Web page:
This moderately strenuous trail takes you through some pristine mountain scenery in both the John Muir Wilderness and Kings Canyon National Park.

Bishop Lake

The view north from just below Bishop Pass, looking at Bishop Lake and Saddlerock Lake. The trail is just visible in the bottom of the frame.

This is a trail that I normally never would have thought to hike on my own, but I was on a mission to resupply some hikers on the John Muir Trail, and they would be waiting for me in LeConte Canyon.  The only way in was via the 11,972′ Bishop Pass Trail, through Dusy Basin, and on into LeConte Canyon.  It was a tough trip carrying 55 pounds of supplies!

The trail, starting at South Lake near Bishop, California, is approximately 9 miles one-way into Dusy Basin, depending on where you intend to set up camp in the basin.  If you continue into LeConte Canyon, the one-way mileage becomes 12 miles.

From Bishop, take West Line Street and follow the signs towards South Lake.

chocolate peak

Emerging from the forest into the Bishop Creek basin, on the way up to Bishop Pass.

Most of the trail is I’d say of medium difficulty, until you get to the final 600 feet of climb up Bishop Pass.  Here, the steps become steep, the trail rocky, and the many switchbacks completely exposed.  In fact, the only part of this trail where you’ll get any kind of shade at all is the first 3 miles from South Lake, and it’s spotty shade at that.

You’ll pass through typical Sierra Nevada pine forest for those first three miles, then you’ll enter the Bishop Creek drainage with a starting elevation of about 10,700′.  There are a number of very scenic lakes here, first passing Long Lake, then Spearhead Lake, and finally Saddlerock Lake.  Bishop Lake will be below you as you make your way up the pass.  There are some great camping spots throughout this entire drainage.  The basin is surrounded by impressive rocky spires.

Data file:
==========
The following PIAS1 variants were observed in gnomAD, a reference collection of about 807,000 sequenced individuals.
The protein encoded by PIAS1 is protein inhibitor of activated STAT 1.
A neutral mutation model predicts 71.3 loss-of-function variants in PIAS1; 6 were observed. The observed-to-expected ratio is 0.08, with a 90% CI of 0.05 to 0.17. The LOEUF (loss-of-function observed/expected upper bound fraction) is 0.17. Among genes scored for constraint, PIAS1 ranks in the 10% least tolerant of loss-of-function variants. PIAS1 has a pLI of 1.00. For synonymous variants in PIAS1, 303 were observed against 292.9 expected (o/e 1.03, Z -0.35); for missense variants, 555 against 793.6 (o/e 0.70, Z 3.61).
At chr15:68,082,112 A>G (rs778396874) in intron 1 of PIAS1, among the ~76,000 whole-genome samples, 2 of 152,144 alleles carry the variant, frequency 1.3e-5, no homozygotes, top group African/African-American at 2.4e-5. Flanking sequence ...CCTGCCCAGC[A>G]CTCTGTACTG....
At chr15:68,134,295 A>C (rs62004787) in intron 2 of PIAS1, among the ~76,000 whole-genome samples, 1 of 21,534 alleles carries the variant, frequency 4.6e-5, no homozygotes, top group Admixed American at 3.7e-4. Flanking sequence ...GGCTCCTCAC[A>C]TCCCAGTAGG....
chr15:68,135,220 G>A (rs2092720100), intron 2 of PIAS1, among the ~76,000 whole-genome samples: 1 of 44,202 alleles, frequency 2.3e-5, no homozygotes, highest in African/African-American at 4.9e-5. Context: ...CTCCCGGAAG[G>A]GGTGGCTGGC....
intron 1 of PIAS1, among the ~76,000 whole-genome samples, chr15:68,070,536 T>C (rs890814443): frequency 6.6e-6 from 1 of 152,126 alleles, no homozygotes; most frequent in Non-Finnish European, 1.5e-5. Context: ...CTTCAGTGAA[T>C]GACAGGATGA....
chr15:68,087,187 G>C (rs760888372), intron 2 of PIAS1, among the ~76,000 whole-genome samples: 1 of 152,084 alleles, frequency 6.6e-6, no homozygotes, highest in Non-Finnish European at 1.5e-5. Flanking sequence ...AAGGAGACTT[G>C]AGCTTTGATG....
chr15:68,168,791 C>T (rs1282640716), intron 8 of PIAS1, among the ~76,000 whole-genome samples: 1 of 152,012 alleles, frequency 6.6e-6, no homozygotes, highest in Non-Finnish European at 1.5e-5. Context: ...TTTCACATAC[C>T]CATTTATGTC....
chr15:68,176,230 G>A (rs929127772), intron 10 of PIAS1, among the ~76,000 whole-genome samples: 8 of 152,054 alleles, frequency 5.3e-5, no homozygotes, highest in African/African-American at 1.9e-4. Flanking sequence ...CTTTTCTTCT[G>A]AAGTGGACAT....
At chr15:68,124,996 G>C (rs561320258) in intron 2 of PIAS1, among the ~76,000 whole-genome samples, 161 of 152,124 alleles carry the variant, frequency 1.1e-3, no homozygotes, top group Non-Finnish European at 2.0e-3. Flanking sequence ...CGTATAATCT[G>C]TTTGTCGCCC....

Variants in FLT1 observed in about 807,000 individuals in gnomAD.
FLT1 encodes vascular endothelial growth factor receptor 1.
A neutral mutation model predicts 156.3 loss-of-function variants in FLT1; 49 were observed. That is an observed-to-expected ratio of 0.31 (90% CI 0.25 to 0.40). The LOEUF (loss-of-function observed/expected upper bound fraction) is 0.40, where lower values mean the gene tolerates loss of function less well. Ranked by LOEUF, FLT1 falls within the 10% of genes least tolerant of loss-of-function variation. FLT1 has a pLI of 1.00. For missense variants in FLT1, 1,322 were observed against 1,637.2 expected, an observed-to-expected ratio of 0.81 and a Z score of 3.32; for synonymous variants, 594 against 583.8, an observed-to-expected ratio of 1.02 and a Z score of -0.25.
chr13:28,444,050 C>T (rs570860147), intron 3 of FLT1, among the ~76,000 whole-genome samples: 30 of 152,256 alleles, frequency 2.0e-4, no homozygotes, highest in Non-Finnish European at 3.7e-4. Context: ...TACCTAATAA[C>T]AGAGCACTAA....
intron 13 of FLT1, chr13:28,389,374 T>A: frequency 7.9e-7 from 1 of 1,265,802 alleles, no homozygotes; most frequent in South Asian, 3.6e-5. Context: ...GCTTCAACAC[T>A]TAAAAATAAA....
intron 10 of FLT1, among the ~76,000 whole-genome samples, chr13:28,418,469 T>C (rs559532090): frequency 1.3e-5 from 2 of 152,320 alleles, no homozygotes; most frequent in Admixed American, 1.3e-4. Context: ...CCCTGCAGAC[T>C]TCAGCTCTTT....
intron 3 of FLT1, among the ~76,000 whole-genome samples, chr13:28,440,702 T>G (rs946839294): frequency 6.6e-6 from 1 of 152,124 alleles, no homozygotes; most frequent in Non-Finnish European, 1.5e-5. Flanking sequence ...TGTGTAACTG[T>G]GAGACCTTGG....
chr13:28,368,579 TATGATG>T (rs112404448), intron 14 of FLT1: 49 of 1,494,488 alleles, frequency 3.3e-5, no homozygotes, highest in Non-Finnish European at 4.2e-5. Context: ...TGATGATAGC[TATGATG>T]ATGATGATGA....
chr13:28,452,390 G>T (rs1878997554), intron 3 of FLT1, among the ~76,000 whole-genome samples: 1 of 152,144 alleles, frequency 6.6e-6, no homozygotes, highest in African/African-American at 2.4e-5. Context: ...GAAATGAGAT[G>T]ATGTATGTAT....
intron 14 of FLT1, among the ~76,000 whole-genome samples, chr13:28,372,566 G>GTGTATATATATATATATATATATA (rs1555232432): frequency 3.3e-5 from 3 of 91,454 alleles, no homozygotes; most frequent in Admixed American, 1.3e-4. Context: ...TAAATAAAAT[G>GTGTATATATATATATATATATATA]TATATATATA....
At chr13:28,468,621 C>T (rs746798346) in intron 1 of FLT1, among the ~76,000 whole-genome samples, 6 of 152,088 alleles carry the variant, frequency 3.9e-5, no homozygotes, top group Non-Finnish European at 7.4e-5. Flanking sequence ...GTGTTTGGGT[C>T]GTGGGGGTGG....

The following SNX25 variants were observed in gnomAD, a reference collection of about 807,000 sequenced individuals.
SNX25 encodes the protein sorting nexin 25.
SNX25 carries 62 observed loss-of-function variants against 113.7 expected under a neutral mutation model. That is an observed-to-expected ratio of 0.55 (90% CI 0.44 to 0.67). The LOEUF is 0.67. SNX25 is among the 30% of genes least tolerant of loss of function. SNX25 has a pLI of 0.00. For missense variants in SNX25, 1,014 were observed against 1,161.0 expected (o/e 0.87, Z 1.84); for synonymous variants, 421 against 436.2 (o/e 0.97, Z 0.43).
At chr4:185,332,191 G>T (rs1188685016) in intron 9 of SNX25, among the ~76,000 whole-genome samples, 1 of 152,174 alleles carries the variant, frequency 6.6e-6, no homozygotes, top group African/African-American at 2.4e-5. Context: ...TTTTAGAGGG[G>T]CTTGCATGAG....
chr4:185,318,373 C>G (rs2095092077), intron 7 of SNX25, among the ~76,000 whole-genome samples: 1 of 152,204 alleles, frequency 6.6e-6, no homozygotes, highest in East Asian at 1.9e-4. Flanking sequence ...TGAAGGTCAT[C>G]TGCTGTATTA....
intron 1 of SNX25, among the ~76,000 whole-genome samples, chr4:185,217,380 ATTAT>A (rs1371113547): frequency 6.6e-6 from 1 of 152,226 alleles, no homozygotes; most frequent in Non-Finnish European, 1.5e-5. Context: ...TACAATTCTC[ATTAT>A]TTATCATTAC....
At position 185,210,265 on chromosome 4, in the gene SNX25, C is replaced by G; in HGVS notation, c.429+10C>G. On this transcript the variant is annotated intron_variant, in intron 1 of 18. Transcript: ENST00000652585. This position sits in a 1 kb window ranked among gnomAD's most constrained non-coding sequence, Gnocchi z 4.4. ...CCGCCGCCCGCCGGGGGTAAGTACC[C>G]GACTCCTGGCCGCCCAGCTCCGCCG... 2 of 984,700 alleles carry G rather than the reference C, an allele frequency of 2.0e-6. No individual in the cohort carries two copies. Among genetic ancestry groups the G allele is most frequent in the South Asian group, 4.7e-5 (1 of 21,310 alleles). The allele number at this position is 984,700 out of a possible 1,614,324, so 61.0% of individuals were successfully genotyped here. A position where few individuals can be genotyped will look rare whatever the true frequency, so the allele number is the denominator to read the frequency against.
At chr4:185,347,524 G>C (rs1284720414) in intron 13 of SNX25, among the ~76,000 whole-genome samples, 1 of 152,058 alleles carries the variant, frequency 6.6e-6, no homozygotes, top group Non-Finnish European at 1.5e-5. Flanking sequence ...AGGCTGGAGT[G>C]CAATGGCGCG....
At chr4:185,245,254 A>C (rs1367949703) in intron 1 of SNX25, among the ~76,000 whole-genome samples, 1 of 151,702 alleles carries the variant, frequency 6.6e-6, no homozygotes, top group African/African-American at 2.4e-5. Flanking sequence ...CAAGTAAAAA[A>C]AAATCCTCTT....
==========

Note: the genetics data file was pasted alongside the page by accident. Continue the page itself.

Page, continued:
long lake

Looking north at Long Lake.

spearhead lake

Hiking north back down to South Lake, about to pass Spearhead Lake and Long Lake.

Once over the pass at the 6-mile mark, it’s a gradual descent into Dusy Basin.  This is also good news for your return trip over the pass, as the climb isn’t as strenuous as it is from the north.  Dusy Basin is very scenic and also offers camping over the spread of a few square miles.  The terrain is rocky, with granite slabs sticking up out of the grass and wildflowers, along with a number of lakes and streams cutting through.  This basin is also surrounded by rocky spires that look like they were created in Hollywood.  There are no campfires allowed in Dusy Basin due to dwindling wood supplies.

dusy basin

Looking down into Dusy Basin from Bishop Pass, with LeConte Canyon in the background and some smoke from the Rough Fire.

dusy basin

One of the lakes towards the bottom of Dusy Basin, still smokey from some nearby wildfires.

If you do decide to continue into LeConte Canyon, be prepared for a steep descent.  Once leaving Dusy Basin, you’ll drop down 2,300′ in the span of approximately 2 miles, but the views are tremendous.  A ranger station sits at the bottom of this trail in LeConte Canyon.

LeConte Canyon

Sunlight peeks through the clouds and illuminates smoke from the nearby Rough Fire, looking into LeConte Canyon from Bishop Pass Trail.

deer

Two bucks on the Bishop Pass Trail after heading down into LeConte Canyon.

Permits are required for overnighting in the John Muir Wilderness and Kings Canyon National Park.  You can check availability and book online at Recreation.gov.  You’re looking for the Bishop Pass-South Lake JM21 trail.

bookFor more information about this trail and others in the Sequoia-Kings Canyon Wilderness areas, check out Sequoia and Kings Canyon National Parks: Your Complete Hiking Guide.

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